There are various things I could say about this book. One is that it’s the second novel by the author of one of my top two novels in the world, Precious Bane. Another is that it seems to be another Edwardian novel driven almost entirely by lust (cf. the Mr Lawrence reviewed below). Or alternately, that it’s interesting to read an Edwardian novel set among the lower classes rather than the rich, debauched and vapid.

But what I’d really like to say is that you shouldn’t read this book. It’s badly written, too wooden and explicative, the nature writing drowned by excessive moralising – quite a tiresome read. I thought I had the plot sussed and would have given up were it not for the beauty of Webb’s first novel. The greater sin, however, was the book’s moral core, where a heroine who sleeps with the Bad Man rather than the Good Man is subsequently punished in a violent and horrendous way. Not to mention that she gets “thrown in the bracken” (raped), but she’s lust-smitten, so was she really raped and why did she stick around? Shocking, slightly traumatic, and altogether awful.

Where it came from: DC’s Bookshelf
Time & manner of reading: Over a couple of days, with feelings of surprise, tedium and horror (in that order)
Where it went to: Back home
Reminds me of:
Who I’d recommend it to:
Also reading: The Heart of the Matter by Graham Greene; The Plumed Serpent by D.H. Lawrence; The Reivers by William Faulkner; Moby Dick by Herman Melville

Review: James Joyce’s “A Portrait of the Artist as a Young Man”

This book was tiresome and self-important. I liked the first small section of Joyce’s childhood, but not the next one (“woe is me, I’m more profound and less understood than my schoolmates”), or the next one (as above, but with family), or the next one (“I shagged prostitutes then filled 30pp with Catholic guilt”) or the bit I skipped to where Stephen Dedalus was now a university student who was still bathed by his mother – “because you enjoy it,” he tells her – before running late to class. Eww: duly abandoned.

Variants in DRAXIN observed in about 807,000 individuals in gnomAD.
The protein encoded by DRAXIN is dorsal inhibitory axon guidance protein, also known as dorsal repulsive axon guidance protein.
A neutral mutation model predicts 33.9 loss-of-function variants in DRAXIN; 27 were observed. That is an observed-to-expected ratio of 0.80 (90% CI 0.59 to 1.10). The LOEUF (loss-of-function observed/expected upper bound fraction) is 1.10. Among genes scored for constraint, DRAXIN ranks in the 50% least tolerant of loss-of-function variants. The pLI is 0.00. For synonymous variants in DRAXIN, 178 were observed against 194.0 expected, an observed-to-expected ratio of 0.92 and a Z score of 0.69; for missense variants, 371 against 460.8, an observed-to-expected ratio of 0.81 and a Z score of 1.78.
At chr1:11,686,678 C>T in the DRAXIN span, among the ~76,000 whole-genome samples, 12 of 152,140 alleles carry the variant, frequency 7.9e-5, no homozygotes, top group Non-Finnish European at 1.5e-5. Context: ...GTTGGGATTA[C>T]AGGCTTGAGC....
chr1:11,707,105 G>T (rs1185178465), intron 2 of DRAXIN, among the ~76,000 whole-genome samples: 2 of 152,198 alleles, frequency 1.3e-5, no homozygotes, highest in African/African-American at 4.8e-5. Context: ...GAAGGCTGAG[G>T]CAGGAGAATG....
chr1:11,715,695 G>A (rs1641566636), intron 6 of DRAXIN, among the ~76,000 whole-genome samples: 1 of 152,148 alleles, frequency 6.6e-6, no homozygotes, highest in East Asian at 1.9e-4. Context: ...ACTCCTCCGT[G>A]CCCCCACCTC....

The only reason I struggled through as far as I did is because it’s on my sister’s 178 Best 100 Novels of All Time list. To introduce this element of my lectoral life: KAM glommed the All-TIME 100 Novels list – Time’s best 100 novels in English since 1923 – with another, as-yet-unidentified, more Brit-based, foreign-friendly list; skimmed off the duplicates; and, voilà, devised her reading plan for about the next five years. (Her Christmas and birthday presents are now considerably easier than they used to be.) The list’s contents is terrible for the ego of one (who shall remain nameless) who considered herself well-read – BUT it’s a great addition to the Slow Rotation. Except, however, when the books are Classic but Shite, like this estimable specimen.

Where it came from: Farm Bookshelf
Time taken to read: About 6 months of listless, desperation-only, handbag reading
Where it went to: Back to the shelf in shame
Reminds me of:
Who I’d recommend it to: Bah! No one.
Also reading: “The Heart of the Matter” by Graham Greene; “The Blind Eye” by Georgia Blain; “Cold Comfort Farm” by Stella Gibbons; “Gertrude” by Hermann Hesse; “Black Swan Green” by David Mitchell; “Trash” by Dorothy Allison; “The Mountain” by Kate Llewellyn